Tag - Cloudbook
PC maker Everex has ceased business operations in North America, and is now in the process of liquidating its assets, according to a Tuesday report. The company's US website simply states "Everex US now closed" and doesn't provide an immediate reason for the closure. Japanese and Taiwanese domains appear to be fully operational, however. Company officials haven't commented on the shutdown to, which came with no advance warning to Laptop and others that noticed the change.
Everex is designing a larger version of its Cloudbook portable to compete directly with the Eee PC 1000, says the company's assembly partner FIC. The 10.2-inch system will be relatively high end with a 1.6GHz Intel Atom processor as well as a 1.3-megapixel webcam and the comparatively rare addition of a 3G modem; WiMAX will be an option for users of Sprint's Xohm service or other providers of the 4G-grade service.
VIA this morning set out its version of the future for micro notebooks with the OpenBook. The 8.9-inch portable is the sequel to last year's NanoBook and earns its name through its uniquely open-source chassis. Unlike most stock designs, the blueprints for the outer panels are put under a liberal Share Alike version of the Creative Commons license: this lets third-party PC makers freely remake the outside of the notebook without the trouble of negotiating for a license. The shift will give many companies a unique PC of their own that gets to market for less money and more quickly than rivals, VIA hopes.
Everex today unveiled the CloudBook Max, an update to its ultraportable that adds, among other things, WiMAX compatibility for Sprint's XOHMwireless network. The new CloudBook Max features a 8.9-inch screen, displaying at a resolution of 1024 by 600, and is powered by a VIA C7-M ULV processor at 1.6GHz. A VIA VX800 IGP chipset provides video playback and acceleration. Everex estimates it will release the CloudBook Max in a year.
ASUS' Eee PC sequel will have a touchscreen implemented after all, according to new claims by screen producers in the company's home area of Taiwan. Regardless of assertions by ASUS head Jerry Shen that the new Eee PC would go without a touch-sensitive display, the PC builder is said to have ordered low-cost, resistive touchscreens that will be used with the micro-notebook when it launches in April. The technology is considered less elegant than capacitive touchscreens (such as that for the iPhone) but will add just $10 US to the cost of building one of the ASUS systems.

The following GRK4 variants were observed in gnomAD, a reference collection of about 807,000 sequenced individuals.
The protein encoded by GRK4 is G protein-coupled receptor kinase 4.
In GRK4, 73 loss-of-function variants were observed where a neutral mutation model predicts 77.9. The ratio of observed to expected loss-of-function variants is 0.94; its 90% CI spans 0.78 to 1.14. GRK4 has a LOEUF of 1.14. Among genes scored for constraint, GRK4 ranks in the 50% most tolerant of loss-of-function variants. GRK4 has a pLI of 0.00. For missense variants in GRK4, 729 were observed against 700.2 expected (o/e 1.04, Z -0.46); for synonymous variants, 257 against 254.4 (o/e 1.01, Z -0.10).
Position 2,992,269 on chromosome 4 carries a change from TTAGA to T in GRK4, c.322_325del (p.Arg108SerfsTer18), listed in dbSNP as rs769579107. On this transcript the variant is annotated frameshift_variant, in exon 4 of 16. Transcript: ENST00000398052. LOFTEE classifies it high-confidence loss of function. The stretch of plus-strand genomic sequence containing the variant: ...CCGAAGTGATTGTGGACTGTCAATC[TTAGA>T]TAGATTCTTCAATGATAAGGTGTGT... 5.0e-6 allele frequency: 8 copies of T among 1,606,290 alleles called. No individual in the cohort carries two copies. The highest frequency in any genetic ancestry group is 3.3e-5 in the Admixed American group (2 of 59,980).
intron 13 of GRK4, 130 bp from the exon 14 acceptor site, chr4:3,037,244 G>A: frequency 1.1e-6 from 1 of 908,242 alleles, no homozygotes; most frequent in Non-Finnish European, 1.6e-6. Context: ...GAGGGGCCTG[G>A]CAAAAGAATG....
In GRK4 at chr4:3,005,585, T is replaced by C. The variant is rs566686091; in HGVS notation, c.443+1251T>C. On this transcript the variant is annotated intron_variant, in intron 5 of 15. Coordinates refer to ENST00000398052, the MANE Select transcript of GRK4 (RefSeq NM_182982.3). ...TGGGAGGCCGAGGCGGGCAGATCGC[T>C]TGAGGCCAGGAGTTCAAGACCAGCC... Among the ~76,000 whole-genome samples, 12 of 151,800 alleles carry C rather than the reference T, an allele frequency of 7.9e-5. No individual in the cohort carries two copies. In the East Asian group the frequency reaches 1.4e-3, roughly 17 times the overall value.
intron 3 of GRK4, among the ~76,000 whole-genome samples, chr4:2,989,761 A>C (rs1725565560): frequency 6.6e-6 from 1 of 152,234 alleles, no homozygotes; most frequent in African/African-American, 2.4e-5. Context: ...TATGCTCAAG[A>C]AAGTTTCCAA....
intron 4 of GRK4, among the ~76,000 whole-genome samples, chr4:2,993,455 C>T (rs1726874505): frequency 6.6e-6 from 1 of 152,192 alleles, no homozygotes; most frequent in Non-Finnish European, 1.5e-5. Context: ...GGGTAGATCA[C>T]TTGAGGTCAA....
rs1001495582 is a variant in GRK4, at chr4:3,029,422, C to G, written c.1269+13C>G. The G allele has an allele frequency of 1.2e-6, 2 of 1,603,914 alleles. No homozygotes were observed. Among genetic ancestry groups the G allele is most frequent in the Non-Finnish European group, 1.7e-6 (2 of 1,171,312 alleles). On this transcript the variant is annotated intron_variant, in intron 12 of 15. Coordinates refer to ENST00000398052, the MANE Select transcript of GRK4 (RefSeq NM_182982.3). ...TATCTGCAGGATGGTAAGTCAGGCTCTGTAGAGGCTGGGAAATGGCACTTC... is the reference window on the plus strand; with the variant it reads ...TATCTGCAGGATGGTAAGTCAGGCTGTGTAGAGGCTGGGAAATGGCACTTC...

Computer shipments will still crest above 300 million in 2008 despite an economic slump triggered by the American housing market, according to a new study by IDC. The growth in notebooks is predicted to drive roughly 12.8 percent growth over the course of the year to reach roughly 302 million; of those, just over 45 percent (136.3 million) will account for portables, the research group says. Most of this comes from users either switching to a notebook or buying a computer for the first time because of the form factor and reduced prices, both of which render them more useful to newcomers than desktops.
HP's Compaq 2133 ultra-mobile PC may use non-Intel hardware to achieve an exceptionally low price, says an off-hand remark in an article comparing the devices. Although previous leaks have pointed to Intel's Silverthorne forming the backbone of the 8.9-inch miniature notebook, the report claims that at least one version will use a Via processor and sell for $499, putting the computer into the same price .league as the ASUS Eee PC and Everex CloudBook. This is most likely to involve Via's notebook-oriented C7-M processor and should be helped by the use of Linux instead of Windows as the stock operating system.
Everex' newly shipping CloudBook Mini features several niceties that make it unique from the Asus Eee PC, but other drawbacks prevent it from fully taking the micro PC's crown. Laptop Magazine writes that Mac OS-like gOS simplifies the device's functions, but ultimately slows the miniature laptop in terms of boot and application startup time. Initially, reviewer Mark Spoonauer said that the trackpad is small and cumbersome to use, but warmed to it in the end.
Everex is planning to release a home-oriented, touchscreen version of its CloudBook low-cost notebook that may be helped by Apple's upcoming iPhone as a reference point, Everex marketing director Paul Kim says in a new interview with LAPTOP. While a version of the system known as the DevBook is already due for hobbyists this spring, a version for home users is currently projected to arrive in the summer. To help develop applications for the new interface to the Linux-based gOS software at the heart of the computer, Everex is not ruling out using the iPhone's software developer kit (SDK) as an assist, Kim suggests,
After missing its original launch date, Everex today let hopeful buyers of its CloudBook micro-notebook know that it would delay the launch of the system from January 25th to February 15th, more than two weeks later than expected. The company has not explained the delay but has not changed the specifications for the miniature portable, which is based around a 7-inch screen, a 1.2GHz Via C7-M processor, and the gOS Linux variant that supplies quick links to web services as well as free productivity apps such as OpenOffice.